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Ice, Snow, & Responsibility: Premises Liability in New Jersey Winters

Posted by Jamison Mark on Feb 16, 2024 9:00:00 AM

MLF Blog Feb24

New Jersey winters can bring extreme weather, including sleet, blizzards, and other winter storms. Snow and ice can create slippery, hazardous conditions, from which property owners have a legal duty to protect their visitors. This applies to business owners, homeowners, and those who own other private properties. If a property owner fails to take reasonable steps to protect visitors from dangerous conditions, they could be financially liable for any harm that results. In this article, we’ll examine the duties of different types of property owners to mitigate winter hazards as well as how injured parties can seek recovery.

Premises Liability on Private Property

Private property owners and renters must reasonably maintain their property to keep it safe for visitors. This means they should address known hazards as much as possible and, in the meantime (or when eliminating a hazard isn’t feasible), warning visitors of its existence. If a homeowner is negligent in maintaining their property, they could open themselves to liability for injuries that result.


Failure to remove snow and ice from driveways and walkways on the property could constitute negligence in this regard. Some New Jersey jurisdictions also require homeowners to keep the sidewalks around their home clear of snow and ice and impose fines for failing to do so. However, New Jersey law does not provide a cause of action against private homeowners for falls that occur on public sidewalks.


Premises Liability on Commercial Property

Those who own or rent commercial property are held to a higher standard under premises liability law than private landowners. Business owners are expected to regularly inspect their properties to uncover potential hazards and then take reasonable steps to warn visitors of their existence and eliminate them. This duty applies to parking areas, walkways, and any other publicly accessible areas of the property.


Ongoing Storms

When a winter storm is raging, it’s often not practical or even safe to attempt to remove snow and ice immediately. New Jersey courts provide an exception in these circumstances, known as the “ongoing storm rule.” The NJ Supreme Court has held that, “Commercial landowners do not have a duty to remove the accumulation of snow and ice until the conclusion of the storm.” However, they may still have a duty to mitigate such hazards during a storm in “unusual circumstances,” such as when a property owner’s actions increase visitors’ risk or when hazardous conditions existed before the storm began.[1]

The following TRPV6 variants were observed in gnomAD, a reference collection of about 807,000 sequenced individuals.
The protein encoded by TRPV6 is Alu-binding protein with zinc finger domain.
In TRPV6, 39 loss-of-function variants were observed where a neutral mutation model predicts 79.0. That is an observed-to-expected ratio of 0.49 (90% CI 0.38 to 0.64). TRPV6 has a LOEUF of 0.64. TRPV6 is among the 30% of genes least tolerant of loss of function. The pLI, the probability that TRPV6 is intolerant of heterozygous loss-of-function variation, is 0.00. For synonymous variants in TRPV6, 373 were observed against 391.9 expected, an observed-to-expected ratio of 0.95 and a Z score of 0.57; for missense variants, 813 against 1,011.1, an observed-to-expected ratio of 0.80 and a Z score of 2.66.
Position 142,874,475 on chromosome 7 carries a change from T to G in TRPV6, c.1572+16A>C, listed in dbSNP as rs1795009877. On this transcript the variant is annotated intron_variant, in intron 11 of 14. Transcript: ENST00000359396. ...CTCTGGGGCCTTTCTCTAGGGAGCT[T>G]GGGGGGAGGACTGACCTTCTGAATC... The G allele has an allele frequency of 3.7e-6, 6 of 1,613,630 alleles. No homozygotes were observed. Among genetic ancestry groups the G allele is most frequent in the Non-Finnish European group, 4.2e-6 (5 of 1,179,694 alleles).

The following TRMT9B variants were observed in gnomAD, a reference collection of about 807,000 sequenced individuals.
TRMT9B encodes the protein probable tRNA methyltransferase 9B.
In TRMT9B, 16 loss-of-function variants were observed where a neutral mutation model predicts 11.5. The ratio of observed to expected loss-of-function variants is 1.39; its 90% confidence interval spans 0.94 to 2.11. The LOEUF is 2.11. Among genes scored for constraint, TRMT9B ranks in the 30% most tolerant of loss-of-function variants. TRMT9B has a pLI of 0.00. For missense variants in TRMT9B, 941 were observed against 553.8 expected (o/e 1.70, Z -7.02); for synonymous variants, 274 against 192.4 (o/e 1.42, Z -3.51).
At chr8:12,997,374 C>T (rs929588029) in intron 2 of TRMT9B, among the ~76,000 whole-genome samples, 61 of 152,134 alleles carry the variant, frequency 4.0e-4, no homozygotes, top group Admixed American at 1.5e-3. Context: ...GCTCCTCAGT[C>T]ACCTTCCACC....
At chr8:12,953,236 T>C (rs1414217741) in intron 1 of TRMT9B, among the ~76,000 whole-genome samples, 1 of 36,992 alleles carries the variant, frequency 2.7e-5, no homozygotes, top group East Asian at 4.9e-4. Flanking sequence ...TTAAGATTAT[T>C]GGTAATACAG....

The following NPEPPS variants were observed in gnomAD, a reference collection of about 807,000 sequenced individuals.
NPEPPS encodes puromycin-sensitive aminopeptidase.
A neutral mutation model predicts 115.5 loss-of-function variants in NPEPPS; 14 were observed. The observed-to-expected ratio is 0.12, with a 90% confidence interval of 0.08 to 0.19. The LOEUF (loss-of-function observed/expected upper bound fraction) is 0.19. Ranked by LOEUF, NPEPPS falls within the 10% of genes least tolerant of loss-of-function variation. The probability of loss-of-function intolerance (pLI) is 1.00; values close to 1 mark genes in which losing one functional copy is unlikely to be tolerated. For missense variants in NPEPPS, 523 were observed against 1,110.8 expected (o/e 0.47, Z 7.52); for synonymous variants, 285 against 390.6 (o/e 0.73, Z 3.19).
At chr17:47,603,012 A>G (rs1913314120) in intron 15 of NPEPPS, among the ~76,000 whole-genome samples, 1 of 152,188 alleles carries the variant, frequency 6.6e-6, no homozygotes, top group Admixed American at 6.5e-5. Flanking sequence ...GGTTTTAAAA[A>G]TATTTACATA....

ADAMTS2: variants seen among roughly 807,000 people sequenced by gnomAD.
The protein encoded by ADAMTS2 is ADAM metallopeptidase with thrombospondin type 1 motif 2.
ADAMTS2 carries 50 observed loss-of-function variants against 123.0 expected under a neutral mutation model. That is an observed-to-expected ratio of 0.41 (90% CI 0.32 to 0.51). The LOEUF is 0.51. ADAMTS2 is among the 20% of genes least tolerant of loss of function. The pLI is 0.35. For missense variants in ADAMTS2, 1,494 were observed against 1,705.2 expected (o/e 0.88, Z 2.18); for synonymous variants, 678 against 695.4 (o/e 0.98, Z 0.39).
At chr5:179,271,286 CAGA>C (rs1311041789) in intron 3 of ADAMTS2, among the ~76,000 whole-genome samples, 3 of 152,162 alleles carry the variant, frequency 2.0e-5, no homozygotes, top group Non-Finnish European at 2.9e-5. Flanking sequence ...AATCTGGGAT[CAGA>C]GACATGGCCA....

The ongoing storm exception was recently upheld in a lawsuit against Costco and its snow removal company. In 2018, plaintiff Carol Smith drove to Costco in the midst of a snowstorm that had prompted the governor to declare a state of emergency. As she began to walk from the store to her vehicle, she slipped and fell. At the time, several inches of snow covered the ground. The court held that the ongoing storm rule applied, relieving Costco and its contractor of legal liability for her injuries.[2]


Seeking Legal Recovery After a Slip-and-Fall Injury

If you’ve been injured on someone else’s property, you may have a cause of action against the property owner, renter, or other parties who have a duty to maintain it. The central question is whether you were owed a duty of care and whether that duty was breached. As mentioned above, the duty of a private property owner is less extensive than that of a business owner. Additionally, that duty applies only to those who are on the property for a lawful purpose. So, for example, a person who is trespassing at the time of an injury may not be able to recover from the property owner.


In some circumstances, property owners who fail to adequately maintain their properties can be subject to punitive damages in addition to liability for visitors’ injuries. However, punitive damages are available only if the failure to maintain the property was malicious or demonstrated willful disregard for visitors’ safety.[3] Additionally, to be awarded punitive damages, a plaintiff must request them in their complaint to the court.[4]


After an injury on commercial or private property, it’s important to consult with a lawyer with experience in personal injury law in your area. They can help ensure that your complaint is complete, accurate, and creates a solid foundation for your case. They can also help identify all parties who may be liable, such as property owners, renters, and contractors. The personal injury experts at the Mark Law Firm can provide a free initial consultation to discuss the facts of your case and assess its potential for successful resolution. To learn more about working with us, visit our FAQ page.


[1] Pareja v. Princeton International Properties. 246 N.J. 546 (N.J. 2021)

[2] Smith v. Costco Wholesale. Superior Court of New Jersey Appellate Division. Docket No. A-2592-21. Decided July 3, 2023.

[3] NJ Rev Stat § 2A:15-5.12 (2022).

[4] NJ Rev Stat § 2A:15-5.11 (2022).

Topics: Personal Injury

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